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Old 12-15-2010, 07:41 PM   #81
Oct 2009
Nanaimo, BC, Canada
Posts: 617
Liked 12 Times on 11 Posts

Subscribed. This thread strikes me as someone saying:

"Experiment: Driving with my eyes closed, because the only bad thing that can happen is I could crash and kill myself or someone else or just damage my car. So, I am going to prove this wrong by only driving 15 meters straight with my eyes closed so I can say I proved everyone wrong that you really can drive with your eyes closed."

Not trying to be negative, just wanted to express that I am entertained and want to see your results - good on ya for doing something new, honestly.

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Old 01-21-2011, 11:38 PM   #82
Oct 2009
Posts: 16

so what happened?

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Old 03-06-2011, 10:16 PM   #83
BrewSpook's Avatar
Dec 2008
Richmond, VA
Posts: 462
Liked 5 Times on 5 Posts

Sorry for the delay guys, spent the last 2 months dealing with a dying dog.

This beer turned out great! A buddy that just came back from London not too long ago almost drained half the keg himself.

Its a little heavy, not sure if its from mash temps, or maybe proteins left in the beer... but the last is great. I will post pics as soon as I can. I will call this a success. I mean, hell its been a couple of months and it there is no sign of contamination. Plus a right tasty beer.
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Old 09-07-2011, 02:45 PM   #84
Jul 2008
Eden Utah
Posts: 81

Last weekend I did something similar though not entirely on purpose. I had planned to make a Berliner Weise but didn't entirely understand the reason for no boil (now I understand it is to preserve the lacto that naturally exists on the grain and keeping the lautered mash below 170F is an important part of the process). So I made a 10 gallon batch of wheat I sparged normally and collected 11.5 gallons added 1 oz of first wort hops (Cascade). I then brought the wort to 195F and held for 15 minutes. Then ran 4.5 gallons through my counterflow and boiled the rest with regular hop additions for a traditional American wheat. So now I have 2 brews 1 is pasteurized at 195 but not boiled and the other is a full hour boil. I added Whirlflock to the 1 hour boil brew. The biggest difference in the two worts is the boiled is considerably clearer and a bit darker. It will be interesting to note the other differences of the finished products. I will add a post in a few weeks. Final note I planned to use a WL630 Berliner Weise yeast in the no boil but my starter never took off so I substituted with a WL510 Bastogne yeast the other boiled version was pitched with a WL029 Kolsch. I'm going to split the no boil and pitch lacto in half to go with the original Berliner Weise theme and leave the other half with no bugs just to complete the no boil experiment. I may need to add some additional hop bitterness to this one per the above suggestions depending on the taste.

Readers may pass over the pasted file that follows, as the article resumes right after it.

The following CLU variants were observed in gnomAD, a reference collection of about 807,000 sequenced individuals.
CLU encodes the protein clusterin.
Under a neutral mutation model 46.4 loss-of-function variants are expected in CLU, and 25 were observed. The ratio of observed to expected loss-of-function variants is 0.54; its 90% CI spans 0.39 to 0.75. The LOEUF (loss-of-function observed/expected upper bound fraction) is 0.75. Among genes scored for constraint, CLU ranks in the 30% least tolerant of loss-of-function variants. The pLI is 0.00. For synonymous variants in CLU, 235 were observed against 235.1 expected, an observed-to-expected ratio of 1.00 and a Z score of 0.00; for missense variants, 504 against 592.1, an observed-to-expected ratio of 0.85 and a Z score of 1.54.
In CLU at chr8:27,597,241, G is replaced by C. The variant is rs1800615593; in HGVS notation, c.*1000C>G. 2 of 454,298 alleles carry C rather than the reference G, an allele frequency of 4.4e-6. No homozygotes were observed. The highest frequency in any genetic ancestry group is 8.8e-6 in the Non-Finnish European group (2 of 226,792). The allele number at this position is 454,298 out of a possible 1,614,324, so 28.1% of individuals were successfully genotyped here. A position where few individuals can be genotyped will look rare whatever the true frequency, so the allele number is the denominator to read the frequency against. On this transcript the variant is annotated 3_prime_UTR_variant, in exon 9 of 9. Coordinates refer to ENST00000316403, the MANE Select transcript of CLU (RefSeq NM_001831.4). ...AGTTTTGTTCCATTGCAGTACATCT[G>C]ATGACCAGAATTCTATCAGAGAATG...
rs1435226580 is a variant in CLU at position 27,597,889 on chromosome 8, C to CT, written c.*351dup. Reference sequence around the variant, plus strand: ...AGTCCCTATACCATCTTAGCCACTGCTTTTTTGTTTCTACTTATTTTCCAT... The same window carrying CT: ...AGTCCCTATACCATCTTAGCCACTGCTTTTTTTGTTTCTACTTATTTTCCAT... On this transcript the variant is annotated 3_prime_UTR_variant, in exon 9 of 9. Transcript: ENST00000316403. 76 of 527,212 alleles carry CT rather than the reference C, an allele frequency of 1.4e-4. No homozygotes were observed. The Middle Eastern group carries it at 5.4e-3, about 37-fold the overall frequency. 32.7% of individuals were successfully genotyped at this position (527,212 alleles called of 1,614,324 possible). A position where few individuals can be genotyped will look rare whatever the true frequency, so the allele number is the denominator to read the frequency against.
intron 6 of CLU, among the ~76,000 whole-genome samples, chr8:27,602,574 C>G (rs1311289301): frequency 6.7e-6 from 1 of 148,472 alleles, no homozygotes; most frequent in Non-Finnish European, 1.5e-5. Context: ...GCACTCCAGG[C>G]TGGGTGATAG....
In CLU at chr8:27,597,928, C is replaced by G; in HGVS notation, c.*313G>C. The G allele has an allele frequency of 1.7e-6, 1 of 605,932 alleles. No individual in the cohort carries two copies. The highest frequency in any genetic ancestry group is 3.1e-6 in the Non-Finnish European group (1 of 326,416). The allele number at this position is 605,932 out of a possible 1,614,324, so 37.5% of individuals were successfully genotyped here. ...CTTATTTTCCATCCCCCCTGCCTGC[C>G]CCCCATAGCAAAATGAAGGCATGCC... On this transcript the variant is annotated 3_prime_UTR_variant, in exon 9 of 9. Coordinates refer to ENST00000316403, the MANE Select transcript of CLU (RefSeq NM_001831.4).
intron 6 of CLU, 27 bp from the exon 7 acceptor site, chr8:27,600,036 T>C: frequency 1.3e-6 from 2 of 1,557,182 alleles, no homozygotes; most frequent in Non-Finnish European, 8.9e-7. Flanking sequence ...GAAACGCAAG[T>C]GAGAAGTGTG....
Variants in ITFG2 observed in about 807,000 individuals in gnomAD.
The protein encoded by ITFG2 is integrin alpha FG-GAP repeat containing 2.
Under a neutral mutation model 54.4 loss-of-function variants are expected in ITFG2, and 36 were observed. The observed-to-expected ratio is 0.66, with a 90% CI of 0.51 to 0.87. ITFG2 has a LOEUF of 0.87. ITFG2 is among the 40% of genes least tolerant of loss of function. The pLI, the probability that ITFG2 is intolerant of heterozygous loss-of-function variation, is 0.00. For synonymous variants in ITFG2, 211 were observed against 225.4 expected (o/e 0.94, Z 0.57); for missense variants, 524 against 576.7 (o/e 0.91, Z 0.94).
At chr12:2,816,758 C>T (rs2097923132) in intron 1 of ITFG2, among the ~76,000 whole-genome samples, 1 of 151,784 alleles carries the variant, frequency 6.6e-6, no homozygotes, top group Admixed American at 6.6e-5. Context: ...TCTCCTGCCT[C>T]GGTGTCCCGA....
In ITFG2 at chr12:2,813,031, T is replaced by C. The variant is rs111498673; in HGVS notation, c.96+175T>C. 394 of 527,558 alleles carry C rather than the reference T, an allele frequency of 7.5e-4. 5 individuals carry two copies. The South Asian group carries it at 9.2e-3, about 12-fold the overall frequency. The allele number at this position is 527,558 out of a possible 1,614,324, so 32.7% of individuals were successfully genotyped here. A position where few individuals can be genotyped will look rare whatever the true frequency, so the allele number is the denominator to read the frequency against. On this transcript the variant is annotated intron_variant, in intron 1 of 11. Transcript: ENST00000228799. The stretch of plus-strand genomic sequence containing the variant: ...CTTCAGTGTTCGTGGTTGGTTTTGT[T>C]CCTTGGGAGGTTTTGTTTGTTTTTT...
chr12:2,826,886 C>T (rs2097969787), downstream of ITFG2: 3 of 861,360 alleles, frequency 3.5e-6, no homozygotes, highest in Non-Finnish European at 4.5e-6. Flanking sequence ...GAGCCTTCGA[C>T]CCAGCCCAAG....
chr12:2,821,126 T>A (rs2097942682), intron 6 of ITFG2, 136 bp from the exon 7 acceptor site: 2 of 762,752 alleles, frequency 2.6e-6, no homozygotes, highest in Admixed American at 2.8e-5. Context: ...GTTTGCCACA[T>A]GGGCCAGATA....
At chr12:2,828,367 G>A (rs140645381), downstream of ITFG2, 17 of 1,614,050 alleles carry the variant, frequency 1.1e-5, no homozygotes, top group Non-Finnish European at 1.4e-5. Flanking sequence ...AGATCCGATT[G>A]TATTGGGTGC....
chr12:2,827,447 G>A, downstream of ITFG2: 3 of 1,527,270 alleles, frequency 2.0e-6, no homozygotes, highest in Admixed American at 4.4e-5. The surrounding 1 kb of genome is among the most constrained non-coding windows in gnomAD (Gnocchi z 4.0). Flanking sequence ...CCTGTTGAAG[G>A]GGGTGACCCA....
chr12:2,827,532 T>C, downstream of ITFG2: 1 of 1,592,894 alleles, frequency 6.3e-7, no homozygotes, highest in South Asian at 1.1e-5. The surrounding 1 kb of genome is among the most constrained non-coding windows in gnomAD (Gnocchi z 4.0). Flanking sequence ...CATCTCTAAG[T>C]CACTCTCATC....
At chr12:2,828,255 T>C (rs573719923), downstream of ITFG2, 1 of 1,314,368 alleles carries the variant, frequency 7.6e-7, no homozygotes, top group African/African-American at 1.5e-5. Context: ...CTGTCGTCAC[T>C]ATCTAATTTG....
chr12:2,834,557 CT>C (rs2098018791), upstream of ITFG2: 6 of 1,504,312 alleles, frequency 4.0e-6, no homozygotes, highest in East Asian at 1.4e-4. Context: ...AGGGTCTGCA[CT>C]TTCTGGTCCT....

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Old 11-27-2014, 10:05 AM   #85
Nov 2014
Posts: 7

Having read this whole thread (google directed me here) I am curious as to whether the OP or anyone else made further ground on no boil techniques and what their results were?

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Old 11-04-2015, 04:06 PM   #86
Mar 2014
Posts: 28
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Originally Posted by mi5 View Post
Having read this whole thread (google directed me here) I am curious as to whether the OP or anyone else made further ground on no boil techniques and what their results were?
I am in the same boat. This is a mad breakthrough thread. After thinking about how the picobrew doesn't boil the wort, I was considering creating a RIMS setup that didn't boil but only brought the temp high enough to isomerize the hop oils.
This however is making me wonder if I even have to do that. Now I am thinking there may be many ways to skin the cat with the hop problem:
1. Add hop extract for bitterness.
2. Do a no chill, and let the residual heat slowly isomerize the hops.
3. Make a super concentrated hop tea and add that.

In fact I am even wondering if I would have to add any hops at all until after fermentation is complete. This thread is inspiring complete heresy.

The co2 DMS scrubbing is brilliant if it works. DMS is pretty volatile even at temperatures lower than boiling, so this may not even be necessary.

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